Coalition senator Jane Hume says the government will abide by its election promise, assuring Australians that there “will be no adverse changes to taxes in superannuation” at the next federal budget.
However, there will be “necessary tinkering” within the regulatory settings of super.
The senator’s statement sets many a mind at ease, after much speculation that the government may implement major changes to the taxation of super in the federal budget this year, as a result of its Retirement Income Review findings.
In the lead-up to the 2019 federal election, the Morrison government guaranteed Australians that it would not create new taxes on superannuation.
Many believed Mr Morrison was merely taking the opposite stance to Labor’s plans to scrap cash refunds on dividend imputation credits, implement changes to the Division 293 tax threshold and lower non-concessional contribution caps.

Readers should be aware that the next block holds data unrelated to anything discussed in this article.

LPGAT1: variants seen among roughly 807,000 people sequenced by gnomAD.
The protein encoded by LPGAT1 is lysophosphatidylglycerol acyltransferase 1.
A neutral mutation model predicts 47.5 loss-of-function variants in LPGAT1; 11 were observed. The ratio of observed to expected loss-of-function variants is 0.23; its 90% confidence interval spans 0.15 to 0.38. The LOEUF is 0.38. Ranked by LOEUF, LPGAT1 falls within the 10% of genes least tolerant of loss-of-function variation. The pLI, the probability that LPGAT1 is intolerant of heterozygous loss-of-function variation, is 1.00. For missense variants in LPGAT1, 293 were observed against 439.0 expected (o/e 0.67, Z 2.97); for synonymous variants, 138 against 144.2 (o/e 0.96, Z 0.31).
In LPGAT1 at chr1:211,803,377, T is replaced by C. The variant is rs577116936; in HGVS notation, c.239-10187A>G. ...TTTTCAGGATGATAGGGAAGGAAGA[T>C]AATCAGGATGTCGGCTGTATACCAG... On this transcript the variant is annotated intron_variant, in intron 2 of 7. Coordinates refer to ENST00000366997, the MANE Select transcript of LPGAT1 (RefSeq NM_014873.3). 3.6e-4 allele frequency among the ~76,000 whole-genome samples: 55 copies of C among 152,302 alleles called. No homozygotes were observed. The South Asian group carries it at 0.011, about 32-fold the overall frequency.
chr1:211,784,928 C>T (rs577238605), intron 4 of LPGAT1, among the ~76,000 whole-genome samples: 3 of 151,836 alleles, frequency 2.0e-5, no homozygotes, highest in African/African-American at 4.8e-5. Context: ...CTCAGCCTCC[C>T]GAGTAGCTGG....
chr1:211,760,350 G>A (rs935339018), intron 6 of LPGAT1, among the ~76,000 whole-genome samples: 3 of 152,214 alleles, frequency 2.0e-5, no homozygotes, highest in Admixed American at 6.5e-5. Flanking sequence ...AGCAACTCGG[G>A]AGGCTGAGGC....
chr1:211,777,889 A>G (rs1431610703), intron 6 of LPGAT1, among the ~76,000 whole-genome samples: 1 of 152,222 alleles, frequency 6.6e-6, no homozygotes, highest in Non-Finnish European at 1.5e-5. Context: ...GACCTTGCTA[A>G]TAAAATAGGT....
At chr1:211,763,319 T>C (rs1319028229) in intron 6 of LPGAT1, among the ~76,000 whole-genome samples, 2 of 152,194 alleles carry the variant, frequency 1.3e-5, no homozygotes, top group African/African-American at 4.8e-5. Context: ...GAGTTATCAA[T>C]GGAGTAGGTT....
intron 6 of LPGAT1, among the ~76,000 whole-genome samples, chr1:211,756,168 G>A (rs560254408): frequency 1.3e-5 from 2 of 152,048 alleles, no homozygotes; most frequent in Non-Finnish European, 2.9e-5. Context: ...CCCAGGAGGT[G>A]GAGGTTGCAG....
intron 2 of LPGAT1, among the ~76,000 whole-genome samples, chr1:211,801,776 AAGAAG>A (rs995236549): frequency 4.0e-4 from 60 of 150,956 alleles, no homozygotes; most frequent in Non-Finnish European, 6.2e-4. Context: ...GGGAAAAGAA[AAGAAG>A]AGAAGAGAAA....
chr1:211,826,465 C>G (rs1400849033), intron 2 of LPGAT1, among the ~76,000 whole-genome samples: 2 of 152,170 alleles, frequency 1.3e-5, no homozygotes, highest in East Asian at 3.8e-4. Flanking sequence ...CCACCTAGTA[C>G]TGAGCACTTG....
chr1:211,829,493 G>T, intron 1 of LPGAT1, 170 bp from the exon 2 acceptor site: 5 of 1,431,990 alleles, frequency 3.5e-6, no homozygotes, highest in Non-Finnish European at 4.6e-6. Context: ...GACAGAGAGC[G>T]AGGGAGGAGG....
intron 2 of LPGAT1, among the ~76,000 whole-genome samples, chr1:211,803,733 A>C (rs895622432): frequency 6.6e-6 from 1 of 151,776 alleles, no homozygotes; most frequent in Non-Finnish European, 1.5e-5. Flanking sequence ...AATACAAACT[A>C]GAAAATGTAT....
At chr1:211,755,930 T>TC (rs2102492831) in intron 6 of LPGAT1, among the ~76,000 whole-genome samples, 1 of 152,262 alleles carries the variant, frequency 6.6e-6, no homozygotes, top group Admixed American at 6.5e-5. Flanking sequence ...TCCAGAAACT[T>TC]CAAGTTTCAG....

However, according to a Nest Egg report, following the economic fallout from COVID-19, finance and superannuation commentators predicted that the government may implement significant policy changes to the Age Pension system and taxation rate for superannuation as ways to mitigate the budget deficit.
Senator Hume said the government will not change taxes to super, but there will be “necessary tinkering within the regulatory settings for superannuation”.
“This does not necessarily mean instability and uncertainty for members. It simply means that our superannuation funds are held to the highest standards of accountability and transparency,” she said.
She reiterated that the government will delay introducing legislation affecting the retirement income framework.
“Instead, the government will give effect to a principles-based retirement income covenant for consultation with the industry at a later date,” she stated.
“I’d like to see trustees ensure that members have more options to draw down on their retirement savings in order to maximise their living standards in retirement.”
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